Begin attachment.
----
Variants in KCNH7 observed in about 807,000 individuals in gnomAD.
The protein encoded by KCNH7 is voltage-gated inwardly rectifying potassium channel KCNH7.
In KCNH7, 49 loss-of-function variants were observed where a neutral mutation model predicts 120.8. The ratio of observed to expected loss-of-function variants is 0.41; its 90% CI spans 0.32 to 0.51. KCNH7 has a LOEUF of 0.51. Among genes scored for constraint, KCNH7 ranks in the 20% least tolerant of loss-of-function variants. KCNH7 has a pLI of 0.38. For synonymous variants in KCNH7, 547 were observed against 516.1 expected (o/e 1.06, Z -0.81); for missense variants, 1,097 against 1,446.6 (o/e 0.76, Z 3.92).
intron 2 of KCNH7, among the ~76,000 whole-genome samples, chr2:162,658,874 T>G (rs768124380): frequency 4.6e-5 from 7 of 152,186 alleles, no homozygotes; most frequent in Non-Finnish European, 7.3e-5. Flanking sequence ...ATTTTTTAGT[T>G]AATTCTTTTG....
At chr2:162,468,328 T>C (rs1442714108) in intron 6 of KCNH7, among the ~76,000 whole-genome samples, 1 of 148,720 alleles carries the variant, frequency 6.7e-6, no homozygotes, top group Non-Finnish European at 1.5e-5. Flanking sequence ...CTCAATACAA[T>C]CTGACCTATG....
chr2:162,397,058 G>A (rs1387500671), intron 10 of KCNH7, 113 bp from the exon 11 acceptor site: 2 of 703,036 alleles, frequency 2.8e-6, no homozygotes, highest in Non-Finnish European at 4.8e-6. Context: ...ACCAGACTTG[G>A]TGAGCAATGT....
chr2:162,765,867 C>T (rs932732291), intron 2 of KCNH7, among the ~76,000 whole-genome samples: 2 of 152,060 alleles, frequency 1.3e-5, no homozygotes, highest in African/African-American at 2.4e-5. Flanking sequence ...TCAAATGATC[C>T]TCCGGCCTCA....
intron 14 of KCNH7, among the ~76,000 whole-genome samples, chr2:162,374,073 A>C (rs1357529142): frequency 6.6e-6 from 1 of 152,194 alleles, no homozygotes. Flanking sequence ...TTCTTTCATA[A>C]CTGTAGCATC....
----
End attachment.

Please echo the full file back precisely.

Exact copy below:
Variants in KCNH7 observed in about 807,000 individuals in gnomAD.
The protein encoded by KCNH7 is voltage-gated inwardly rectifying potassium channel KCNH7.
In KCNH7, 49 loss-of-function variants were observed where a neutral mutation model predicts 120.8. The ratio of observed to expected loss-of-function variants is 0.41; its 90% CI spans 0.32 to 0.51. KCNH7 has a LOEUF of 0.51. Among genes scored for constraint, KCNH7 ranks in the 20% least tolerant of loss-of-function variants. KCNH7 has a pLI of 0.38. For synonymous variants in KCNH7, 547 were observed against 516.1 expected (o/e 1.06, Z -0.81); for missense variants, 1,097 against 1,446.6 (o/e 0.76, Z 3.92).
intron 2 of KCNH7, among the ~76,000 whole-genome samples, chr2:162,658,874 T>G (rs768124380): frequency 4.6e-5 from 7 of 152,186 alleles, no homozygotes; most frequent in Non-Finnish European, 7.3e-5. Flanking sequence ...ATTTTTTAGT[T>G]AATTCTTTTG....
At chr2:162,468,328 T>C (rs1442714108) in intron 6 of KCNH7, among the ~76,000 whole-genome samples, 1 of 148,720 alleles carries the variant, frequency 6.7e-6, no homozygotes, top group Non-Finnish European at 1.5e-5. Flanking sequence ...CTCAATACAA[T>C]CTGACCTATG....
chr2:162,397,058 G>A (rs1387500671), intron 10 of KCNH7, 113 bp from the exon 11 acceptor site: 2 of 703,036 alleles, frequency 2.8e-6, no homozygotes, highest in Non-Finnish European at 4.8e-6. Context: ...ACCAGACTTG[G>A]TGAGCAATGT....
chr2:162,765,867 C>T (rs932732291), intron 2 of KCNH7, among the ~76,000 whole-genome samples: 2 of 152,060 alleles, frequency 1.3e-5, no homozygotes, highest in African/African-American at 2.4e-5. Flanking sequence ...TCAAATGATC[C>T]TCCGGCCTCA....
intron 14 of KCNH7, among the ~76,000 whole-genome samples, chr2:162,374,073 A>C (rs1357529142): frequency 6.6e-6 from 1 of 152,194 alleles, no homozygotes. Flanking sequence ...TTCTTTCATA[A>C]CTGTAGCATC....